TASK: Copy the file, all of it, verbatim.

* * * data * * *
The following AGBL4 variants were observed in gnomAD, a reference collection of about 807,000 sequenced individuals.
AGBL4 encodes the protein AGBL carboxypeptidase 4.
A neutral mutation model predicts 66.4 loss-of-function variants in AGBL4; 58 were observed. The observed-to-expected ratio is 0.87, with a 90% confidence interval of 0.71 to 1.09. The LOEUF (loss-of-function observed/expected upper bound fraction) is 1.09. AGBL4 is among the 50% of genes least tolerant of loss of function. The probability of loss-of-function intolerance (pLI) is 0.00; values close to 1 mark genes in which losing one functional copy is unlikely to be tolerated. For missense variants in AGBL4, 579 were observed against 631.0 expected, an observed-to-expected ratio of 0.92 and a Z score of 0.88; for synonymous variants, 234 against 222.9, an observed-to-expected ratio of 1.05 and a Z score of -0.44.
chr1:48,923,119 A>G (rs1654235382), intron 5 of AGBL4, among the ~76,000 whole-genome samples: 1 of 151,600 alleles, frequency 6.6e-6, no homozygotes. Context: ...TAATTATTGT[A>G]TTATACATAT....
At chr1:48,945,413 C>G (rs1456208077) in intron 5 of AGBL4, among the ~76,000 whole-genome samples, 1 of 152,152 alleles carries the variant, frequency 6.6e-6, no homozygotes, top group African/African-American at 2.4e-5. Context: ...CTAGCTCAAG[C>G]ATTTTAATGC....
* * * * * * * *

The following AGBL4 variants were observed in gnomAD, a reference collection of about 807,000 sequenced individuals.
AGBL4 encodes the protein AGBL carboxypeptidase 4.
A neutral mutation model predicts 66.4 loss-of-function variants in AGBL4; 58 were observed. The observed-to-expected ratio is 0.87, with a 90% confidence interval of 0.71 to 1.09. The LOEUF (loss-of-function observed/expected upper bound fraction) is 1.09. AGBL4 is among the 50% of genes least tolerant of loss of function. The probability of loss-of-function intolerance (pLI) is 0.00; values close to 1 mark genes in which losing one functional copy is unlikely to be tolerated. For missense variants in AGBL4, 579 were observed against 631.0 expected, an observed-to-expected ratio of 0.92 and a Z score of 0.88; for synonymous variants, 234 against 222.9, an observed-to-expected ratio of 1.05 and a Z score of -0.44.
chr1:48,923,119 A>G (rs1654235382), intron 5 of AGBL4, among the ~76,000 whole-genome samples: 1 of 151,600 alleles, frequency 6.6e-6, no homozygotes. Context: ...TAATTATTGT[A>G]TTATACATAT....
At chr1:48,945,413 C>G (rs1456208077) in intron 5 of AGBL4, among the ~76,000 whole-genome samples, 1 of 152,152 alleles carries the variant, frequency 6.6e-6, no homozygotes, top group African/African-American at 2.4e-5. Context: ...CTAGCTCAAG[C>G]ATTTTAATGC....